The coarse alignment module 33 produces a general alignment of the two images, and then the fine alignment module 35 uses robust motion flow to rapidly and accurately complete matching of the images. The display device 37 can present the matched images in different ways. In one embodiment, the display 37 alternates between the two images at about 6 to 20 Hz, but usually about 12 Hz, so that the observer views the images superimposed as a composite image 59, as shown in FIG. 2c. As can be seen in the example, the treated area 55' in the matched portal image, overlays the tumor 51' in the matched simulation image. In another type of display (not shown), the outline of the treated area from the portal image is projected onto the processed simulation image, so that it can be seen if the targeted tumor was in fact treated.
In performing the coarse alignment, a coarse transformation is applied to the digitized x-ray or portal image signals (DPIS) to convert them to the coordinate system of the digital reference or simulation image signals (DSIS). As will be seen, the information needed to generate this transformation can be generated interactively through selection of what appear to be corresponding points in the two images by the operator interactively using a pointer device 43 or automatically using x-ray opaque fiducials 61 which are placed on the patient in both the simulation setup and the treatment setup (see FIG. 1). The points so generated in either case are referred to as seed points. The coarse transform H from the portal image coordinates to the simulation coordinates is: ##EQU1##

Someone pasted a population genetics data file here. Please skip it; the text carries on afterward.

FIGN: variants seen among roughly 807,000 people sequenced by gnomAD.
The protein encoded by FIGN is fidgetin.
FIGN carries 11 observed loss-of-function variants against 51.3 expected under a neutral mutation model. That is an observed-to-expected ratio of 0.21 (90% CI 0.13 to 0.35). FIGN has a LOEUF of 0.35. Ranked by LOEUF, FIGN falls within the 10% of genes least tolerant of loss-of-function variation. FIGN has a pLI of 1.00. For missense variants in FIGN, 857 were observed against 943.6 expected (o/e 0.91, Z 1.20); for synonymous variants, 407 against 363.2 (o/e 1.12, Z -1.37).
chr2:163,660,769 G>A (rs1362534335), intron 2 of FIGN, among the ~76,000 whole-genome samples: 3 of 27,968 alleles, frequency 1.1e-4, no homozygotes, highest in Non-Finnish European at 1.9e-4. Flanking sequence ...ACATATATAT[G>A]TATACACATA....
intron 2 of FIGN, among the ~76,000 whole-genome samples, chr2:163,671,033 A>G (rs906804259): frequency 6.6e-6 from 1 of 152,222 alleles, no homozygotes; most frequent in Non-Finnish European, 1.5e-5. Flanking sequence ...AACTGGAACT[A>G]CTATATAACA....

The (x y) vector denotes the column and row coordinates of the center of each of the seed points in the corresponding portal and simulation images. The four RotSkewScale components of the matrix describe the full affine transformation that is needed to coarsely align the images. In this stage, the placement of the fiducial or the interactive selection of the seed points need not be accurate as the next stage is able to accommodate for reasonably small deviations.
Using the results of the coarse alignment, the portal image is warped toward the simulation image. Then, overlapping regions of the two images are computer enhanced so that the corresponding intensity levels are similar. Finally, the motion-flow, or the fine-scale transform is computed so that the portal image glides on the gradient of dissimilarity toward the simulation image. In this stage, a more comprehensive transformation model is used in which the input position vector is represented by: ##EQU2## and the transformation matrix is represented by: